Angry mobs stabbed and set fire to bystanders Thursday in rioting that erupted after a newspaper suggested Islam's founding prophet would have approved of the Miss World beauty pageant. At least 50 people were killed and 200 injured, Nigeria's Red Cross president said.

The violent demonstrators in the northern city of Kaduna burned churches and rampaged through the streets until hundreds of soldiers were deployed to restore calm and enforce a dusk-to-dawn curfew.

"A lot of people died. We don't know yet exactly how many ... more than 50," said Emmanuel Ijewere, the president of the Nigerian Red Cross.

Street demonstrations began Wednesday with the burning of an office of ThisDay newspaper in Kaduna after it published an article questioning Muslim groups that have condemned the Miss World pageant, to be held Dec. 7 in the Nigerian capital, Abuja.

Muslim groups say the pageant promotes sexual promiscuity and indecency.

"What would [the prophet] Muhammad think? In all honesty, he would probably have chosen a wife from among them [the contestants]," Isioma Daniel wrote in Saturday's article.

The newspaper ran a brief front-page apology on Monday, followed by a more lengthy retraction on Thursday, saying the offending passage had run by mistake.

In Thursday's rioting, more than 50 people were stabbed, bludgeoned or burned to death and 200 were seriously injured, Ijewere told The Associated Press.

At least four churches were destroyed, he said.

Many of the bodies were taken by Red Cross workers and other volunteers to local mortuaries. Many people remained inside homes that were set afire by the demonstrators, Ijewere said.

Shehu Sani of the Kaduna-based Civil Rights Congress said he watched a crowd stab one young man, then force a tire filled with gasoline around his neck and burn him alive. Sani said he saw three other bodies elsewhere in the city.

Alsa Hassan, founder of another human rights group, Alsa Care, said he saw a commuter being dragged out of his car and beaten to death by protesters.

Schools and shops hurriedly closed as hordes of young men, shouting "Allahu Akhbar," or "God is great," ignited makeshift street barricades made of tires and garbage, sending plumes of black smoke rising above the city. Others were heard chanting, "Down with beauty" and "Miss World is sin."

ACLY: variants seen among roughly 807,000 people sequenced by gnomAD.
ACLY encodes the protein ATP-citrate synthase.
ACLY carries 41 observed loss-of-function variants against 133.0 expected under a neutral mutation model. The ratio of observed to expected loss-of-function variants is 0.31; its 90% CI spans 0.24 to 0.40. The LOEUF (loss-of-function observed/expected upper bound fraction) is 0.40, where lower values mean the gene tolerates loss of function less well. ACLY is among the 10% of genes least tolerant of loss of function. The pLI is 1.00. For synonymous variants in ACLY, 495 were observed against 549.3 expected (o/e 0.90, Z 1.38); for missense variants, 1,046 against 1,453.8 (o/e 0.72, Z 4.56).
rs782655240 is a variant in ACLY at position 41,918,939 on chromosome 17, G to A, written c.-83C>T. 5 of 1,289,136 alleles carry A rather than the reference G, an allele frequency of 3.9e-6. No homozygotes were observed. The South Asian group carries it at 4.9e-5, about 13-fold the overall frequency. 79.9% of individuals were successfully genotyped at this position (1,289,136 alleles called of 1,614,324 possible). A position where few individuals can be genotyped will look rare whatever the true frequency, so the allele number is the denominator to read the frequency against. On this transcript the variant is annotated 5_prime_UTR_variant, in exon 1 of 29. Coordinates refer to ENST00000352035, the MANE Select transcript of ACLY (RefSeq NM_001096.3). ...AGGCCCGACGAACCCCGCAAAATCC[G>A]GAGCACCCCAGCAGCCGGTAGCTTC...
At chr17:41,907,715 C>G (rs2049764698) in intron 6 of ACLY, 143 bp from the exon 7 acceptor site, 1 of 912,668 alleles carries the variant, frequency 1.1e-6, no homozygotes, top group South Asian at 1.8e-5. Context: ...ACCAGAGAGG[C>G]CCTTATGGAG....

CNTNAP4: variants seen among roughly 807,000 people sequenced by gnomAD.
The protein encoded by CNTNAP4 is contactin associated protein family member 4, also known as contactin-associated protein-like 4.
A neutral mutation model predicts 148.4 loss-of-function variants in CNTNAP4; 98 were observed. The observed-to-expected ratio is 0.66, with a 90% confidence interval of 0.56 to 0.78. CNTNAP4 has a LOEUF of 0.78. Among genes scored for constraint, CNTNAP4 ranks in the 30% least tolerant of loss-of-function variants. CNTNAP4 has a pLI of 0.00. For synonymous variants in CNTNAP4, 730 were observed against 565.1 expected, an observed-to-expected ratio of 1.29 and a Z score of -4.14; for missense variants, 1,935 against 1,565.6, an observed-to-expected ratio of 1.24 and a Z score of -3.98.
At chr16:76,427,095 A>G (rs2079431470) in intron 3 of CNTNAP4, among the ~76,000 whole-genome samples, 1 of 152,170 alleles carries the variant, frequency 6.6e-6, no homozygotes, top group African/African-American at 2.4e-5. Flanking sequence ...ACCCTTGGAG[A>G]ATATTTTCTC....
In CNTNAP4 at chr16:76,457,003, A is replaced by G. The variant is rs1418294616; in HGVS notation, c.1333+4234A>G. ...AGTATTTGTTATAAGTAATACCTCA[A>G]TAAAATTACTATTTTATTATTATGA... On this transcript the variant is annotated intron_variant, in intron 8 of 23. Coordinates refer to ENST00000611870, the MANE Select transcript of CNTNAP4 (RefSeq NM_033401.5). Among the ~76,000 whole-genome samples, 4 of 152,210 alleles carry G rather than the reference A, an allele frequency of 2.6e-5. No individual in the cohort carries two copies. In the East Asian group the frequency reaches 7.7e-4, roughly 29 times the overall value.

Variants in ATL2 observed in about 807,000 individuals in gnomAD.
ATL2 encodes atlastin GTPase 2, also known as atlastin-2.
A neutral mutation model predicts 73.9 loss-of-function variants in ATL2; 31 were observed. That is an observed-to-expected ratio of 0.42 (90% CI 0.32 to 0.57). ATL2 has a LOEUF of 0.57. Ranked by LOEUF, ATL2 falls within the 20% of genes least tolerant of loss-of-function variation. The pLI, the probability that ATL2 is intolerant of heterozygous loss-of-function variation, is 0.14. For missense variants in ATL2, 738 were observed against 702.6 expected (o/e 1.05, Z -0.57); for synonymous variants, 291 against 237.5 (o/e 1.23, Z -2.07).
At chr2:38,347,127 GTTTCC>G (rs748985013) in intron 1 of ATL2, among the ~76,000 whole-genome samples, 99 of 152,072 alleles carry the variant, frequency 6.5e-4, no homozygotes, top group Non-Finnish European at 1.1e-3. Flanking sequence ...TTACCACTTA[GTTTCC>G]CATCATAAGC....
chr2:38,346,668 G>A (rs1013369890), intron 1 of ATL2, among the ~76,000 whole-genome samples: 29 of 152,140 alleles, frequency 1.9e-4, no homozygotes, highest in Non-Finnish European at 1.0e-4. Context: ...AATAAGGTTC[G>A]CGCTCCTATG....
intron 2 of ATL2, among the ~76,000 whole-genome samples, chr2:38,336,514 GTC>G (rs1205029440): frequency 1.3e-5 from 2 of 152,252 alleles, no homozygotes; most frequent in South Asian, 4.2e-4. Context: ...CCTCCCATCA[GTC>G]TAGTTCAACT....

Hundreds of police and soldiers were deployed to restore calm. Riding in pickup trucks, they fired tear gas at protesters marching through otherwise abandoned streets waving tree branches and palm fronds.

State government officials declared a curfew of 6 p.m. to 6 a.m.

Previous riots in Kaduna, a largely Muslim city with a sizable Christian minority, have escalated into religious battles that killed hundreds since civilian government replaced military rule in 1999.

Islamic fundamentalist groups have for several months warned of protests against the Miss World pageant, prompting organizers to postpone the finale until after the Islamic holy month of Ramadan.

The pageant has also drawn protests from other parts of the world.

Contestants from five countries — Costa Rica, Denmark, Switzerland, South Africa and Panama — are boycotting the event because Islamic courts in Nigeria have sentenced several unmarried women to death by stoning for conceiving babies outside wedlock. Nigeria's government insists none of the judgments will be carried out, although it has refused to intervene directly.

Miss World publicist Stella Din said pageant organizers hoped calm would quickly return to Kaduna.

"We are very, very sad that it has come to this — even if there is a loss of one life, it makes us sad. We are appealing to all to please exercise restraint," Din said.